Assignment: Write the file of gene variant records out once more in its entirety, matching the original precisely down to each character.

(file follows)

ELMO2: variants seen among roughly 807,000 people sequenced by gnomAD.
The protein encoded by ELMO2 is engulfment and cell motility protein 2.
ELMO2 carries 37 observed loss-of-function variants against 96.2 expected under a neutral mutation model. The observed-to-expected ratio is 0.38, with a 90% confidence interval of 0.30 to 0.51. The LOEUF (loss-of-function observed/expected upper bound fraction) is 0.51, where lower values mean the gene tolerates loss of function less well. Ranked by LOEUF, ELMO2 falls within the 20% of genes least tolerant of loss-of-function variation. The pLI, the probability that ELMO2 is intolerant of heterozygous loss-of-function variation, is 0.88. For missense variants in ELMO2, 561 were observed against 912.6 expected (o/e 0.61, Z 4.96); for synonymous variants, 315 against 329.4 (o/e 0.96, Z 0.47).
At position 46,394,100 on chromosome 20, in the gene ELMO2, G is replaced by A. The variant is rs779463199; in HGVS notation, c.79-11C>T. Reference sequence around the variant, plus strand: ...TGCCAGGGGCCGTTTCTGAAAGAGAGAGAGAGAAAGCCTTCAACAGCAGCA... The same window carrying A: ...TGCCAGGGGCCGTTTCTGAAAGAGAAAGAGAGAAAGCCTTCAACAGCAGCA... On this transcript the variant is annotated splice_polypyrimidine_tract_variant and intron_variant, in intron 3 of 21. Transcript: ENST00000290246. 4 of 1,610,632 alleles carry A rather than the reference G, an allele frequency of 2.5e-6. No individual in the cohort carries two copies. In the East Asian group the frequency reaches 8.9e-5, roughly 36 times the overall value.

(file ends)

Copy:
ELMO2: variants seen among roughly 807,000 people sequenced by gnomAD.
The protein encoded by ELMO2 is engulfment and cell motility protein 2.
ELMO2 carries 37 observed loss-of-function variants against 96.2 expected under a neutral mutation model. The observed-to-expected ratio is 0.38, with a 90% confidence interval of 0.30 to 0.51. The LOEUF (loss-of-function observed/expected upper bound fraction) is 0.51, where lower values mean the gene tolerates loss of function less well. Ranked by LOEUF, ELMO2 falls within the 20% of genes least tolerant of loss-of-function variation. The pLI, the probability that ELMO2 is intolerant of heterozygous loss-of-function variation, is 0.88. For missense variants in ELMO2, 561 were observed against 912.6 expected (o/e 0.61, Z 4.96); for synonymous variants, 315 against 329.4 (o/e 0.96, Z 0.47).
At position 46,394,100 on chromosome 20, in the gene ELMO2, G is replaced by A. The variant is rs779463199; in HGVS notation, c.79-11C>T. Reference sequence around the variant, plus strand: ...TGCCAGGGGCCGTTTCTGAAAGAGAGAGAGAGAAAGCCTTCAACAGCAGCA... The same window carrying A: ...TGCCAGGGGCCGTTTCTGAAAGAGAAAGAGAGAAAGCCTTCAACAGCAGCA... On this transcript the variant is annotated splice_polypyrimidine_tract_variant and intron_variant, in intron 3 of 21. Transcript: ENST00000290246. 4 of 1,610,632 alleles carry A rather than the reference G, an allele frequency of 2.5e-6. No individual in the cohort carries two copies. In the East Asian group the frequency reaches 8.9e-5, roughly 36 times the overall value.